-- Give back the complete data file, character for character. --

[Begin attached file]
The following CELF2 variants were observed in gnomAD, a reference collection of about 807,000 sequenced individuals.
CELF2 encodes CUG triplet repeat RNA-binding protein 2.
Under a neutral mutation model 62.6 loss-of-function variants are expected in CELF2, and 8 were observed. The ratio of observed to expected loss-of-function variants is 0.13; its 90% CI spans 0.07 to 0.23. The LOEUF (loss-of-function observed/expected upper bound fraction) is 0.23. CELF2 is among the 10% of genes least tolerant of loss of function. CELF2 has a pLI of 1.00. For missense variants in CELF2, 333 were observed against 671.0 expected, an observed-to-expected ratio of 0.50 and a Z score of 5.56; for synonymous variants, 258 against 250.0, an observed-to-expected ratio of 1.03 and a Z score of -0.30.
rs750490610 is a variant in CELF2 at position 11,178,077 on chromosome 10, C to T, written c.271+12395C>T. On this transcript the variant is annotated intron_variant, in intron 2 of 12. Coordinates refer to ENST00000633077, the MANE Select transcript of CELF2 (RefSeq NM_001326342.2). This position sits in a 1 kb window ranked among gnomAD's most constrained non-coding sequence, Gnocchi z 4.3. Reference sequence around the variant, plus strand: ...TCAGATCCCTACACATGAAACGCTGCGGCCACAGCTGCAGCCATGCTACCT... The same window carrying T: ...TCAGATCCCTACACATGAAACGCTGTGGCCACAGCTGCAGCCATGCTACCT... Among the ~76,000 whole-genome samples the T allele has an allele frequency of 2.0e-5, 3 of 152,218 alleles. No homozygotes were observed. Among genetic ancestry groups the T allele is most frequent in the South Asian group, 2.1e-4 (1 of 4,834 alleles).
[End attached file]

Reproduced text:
The following CELF2 variants were observed in gnomAD, a reference collection of about 807,000 sequenced individuals.
CELF2 encodes CUG triplet repeat RNA-binding protein 2.
Under a neutral mutation model 62.6 loss-of-function variants are expected in CELF2, and 8 were observed. The ratio of observed to expected loss-of-function variants is 0.13; its 90% CI spans 0.07 to 0.23. The LOEUF (loss-of-function observed/expected upper bound fraction) is 0.23. CELF2 is among the 10% of genes least tolerant of loss of function. CELF2 has a pLI of 1.00. For missense variants in CELF2, 333 were observed against 671.0 expected, an observed-to-expected ratio of 0.50 and a Z score of 5.56; for synonymous variants, 258 against 250.0, an observed-to-expected ratio of 1.03 and a Z score of -0.30.
rs750490610 is a variant in CELF2 at position 11,178,077 on chromosome 10, C to T, written c.271+12395C>T. On this transcript the variant is annotated intron_variant, in intron 2 of 12. Coordinates refer to ENST00000633077, the MANE Select transcript of CELF2 (RefSeq NM_001326342.2). This position sits in a 1 kb window ranked among gnomAD's most constrained non-coding sequence, Gnocchi z 4.3. Reference sequence around the variant, plus strand: ...TCAGATCCCTACACATGAAACGCTGCGGCCACAGCTGCAGCCATGCTACCT... The same window carrying T: ...TCAGATCCCTACACATGAAACGCTGTGGCCACAGCTGCAGCCATGCTACCT... Among the ~76,000 whole-genome samples the T allele has an allele frequency of 2.0e-5, 3 of 152,218 alleles. No homozygotes were observed. Among genetic ancestry groups the T allele is most frequent in the South Asian group, 2.1e-4 (1 of 4,834 alleles).